It’s odd that we’ve gone from dial-up connections to blazing-fast 5g networks, yet websites are still as painfully slow as they used to be. Nielsen's law of internet bandwidth states that a high-end user's connection speed grows by as much as 50% yearly— this has held true for the past 36 years! However, mobile page load times have increased over time.
The HTTP Archive has recorded page load times for 6 million popular websites over 10 years. The ugly truth is that, according to their data, mobile page load times have more than doubled in this time. Of course, websites have become more complex over the years, but so has the technology that speeds them up.
If you’re neglecting your site's performance, consumers will not hesitate to do the same. People can detect delays as short as 100 milliseconds. This is enough to interrupt a person’s conscious thought process. And if you’re forcing consumers to wait 2-3 seconds, it causes a dramatic shift in their cognitive and emotional responses—so much so, it’s comparable to watching a horror movie.
If you’re in eCommerce, these differences are small but significantly impact conversion rate and revenue. The average eCommerce website takes 3-5 seconds to load. Amazon found that a 1 second delay in load time could cost the eCommerce giant $1.6 billion a year. More recently, a study commissioned by Google found that shaving a mere 100 milliseconds off of mobile page loads results in an 8-10% increase to conversion rate.
Source: Think with Google
One-tenth of a second improvement in page load resulted in an 8.4% lift in conversion rate and a 9.2% increase to average order value for retail sites. Travel websites saw a larger lift to conversions, with a 100ms improvement driving a 10.1% lift to conversion rate.
The average eCommerce sees approximately 50% of its traffic from a Google search. If you’re not prioritizing speed, this will no longer be a viable source for bottom-line growth. Google is releasing a new algorithm that drops slow sites down in rank.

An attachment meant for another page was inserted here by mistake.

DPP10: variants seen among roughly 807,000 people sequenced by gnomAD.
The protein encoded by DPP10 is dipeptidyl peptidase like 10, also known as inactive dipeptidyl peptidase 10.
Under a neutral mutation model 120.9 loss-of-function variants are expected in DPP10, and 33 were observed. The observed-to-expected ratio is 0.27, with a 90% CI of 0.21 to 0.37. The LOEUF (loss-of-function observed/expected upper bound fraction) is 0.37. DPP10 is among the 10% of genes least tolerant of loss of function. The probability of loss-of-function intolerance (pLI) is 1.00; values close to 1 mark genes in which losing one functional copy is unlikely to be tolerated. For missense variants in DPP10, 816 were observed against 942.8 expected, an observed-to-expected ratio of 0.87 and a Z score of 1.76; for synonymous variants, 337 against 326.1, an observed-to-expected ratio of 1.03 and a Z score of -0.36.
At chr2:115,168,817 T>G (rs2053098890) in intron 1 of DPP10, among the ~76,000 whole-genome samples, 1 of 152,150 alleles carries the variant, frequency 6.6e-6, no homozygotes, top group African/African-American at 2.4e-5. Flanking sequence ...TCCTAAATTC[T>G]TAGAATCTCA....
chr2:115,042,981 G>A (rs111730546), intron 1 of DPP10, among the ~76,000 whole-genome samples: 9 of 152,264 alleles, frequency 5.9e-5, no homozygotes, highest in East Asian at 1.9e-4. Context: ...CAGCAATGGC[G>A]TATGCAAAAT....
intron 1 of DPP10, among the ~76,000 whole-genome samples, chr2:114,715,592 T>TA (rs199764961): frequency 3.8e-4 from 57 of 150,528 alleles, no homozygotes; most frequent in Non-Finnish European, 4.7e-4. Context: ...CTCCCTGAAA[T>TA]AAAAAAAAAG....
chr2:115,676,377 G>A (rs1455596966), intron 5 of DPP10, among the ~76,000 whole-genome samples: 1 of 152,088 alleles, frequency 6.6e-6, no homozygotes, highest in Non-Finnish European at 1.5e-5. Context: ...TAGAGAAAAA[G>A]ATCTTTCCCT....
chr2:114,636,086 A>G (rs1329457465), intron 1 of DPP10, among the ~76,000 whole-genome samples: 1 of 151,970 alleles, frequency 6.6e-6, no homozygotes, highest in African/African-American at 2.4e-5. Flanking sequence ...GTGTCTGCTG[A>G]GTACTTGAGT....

In 2017, Google found that the average mobile site took 22 seconds to load. Since the search giant has released 10 major speed initiatives to combat this disappointing discovery. From site speed measurement tools; to modern frontends built for speed; to ranking updates, the search giant has made it clear that site speed is a priority.
The Page Experience Update is the latest announcement that changes how pages are to be ranked based on the experience that users have when interacting with them. This means that pages that are slow to load and become interactive will rank lower than they currently do.
The Page Experience Update introduces new metrics to the ranking algorithm, measuring the page’s loading, interactivity and visual stability times. Together, the metrics are called Core Web Vitals (CWV) and will soon impact a website’s ranking.
You can’t optimize what you do not know, so let’s get to know the three metrics that make up the Core Web Vitals:
Largest Contentful Paint (LCP): LCP measures when the largest content element is fully visible on the screen. Content elements measured include block-level elements, images (including images inside SVG files) and videos.
First Input Delay (FID): FID measures the time from when a user first interacts with a page (i.e., when they click a link or tap) to when the browser can begin processing event handlers in response to that interaction.
Cumulative Layout Shift (CLS): CLS measures each unexpected layout shift that occurs during the entire lifespan of the page (aka “jank”).
To optimize for Core Web Vitals, you must optimize your site to deliver the fastest, Largest Contentful Paint (LCP), First Input Delay (FID) and Cumulative Layout Shift (CLS). These CWV metrics represent 3 distinct aspects of the user experience: loading, interactivity and visual stability.
Core Web Vitals will be measured using field data from Google Chrome User Experience (CrUX)—a database powered by real-world Chrome user data. By basing CWV on real-user data, Google is showing its commitment to creating a faster web.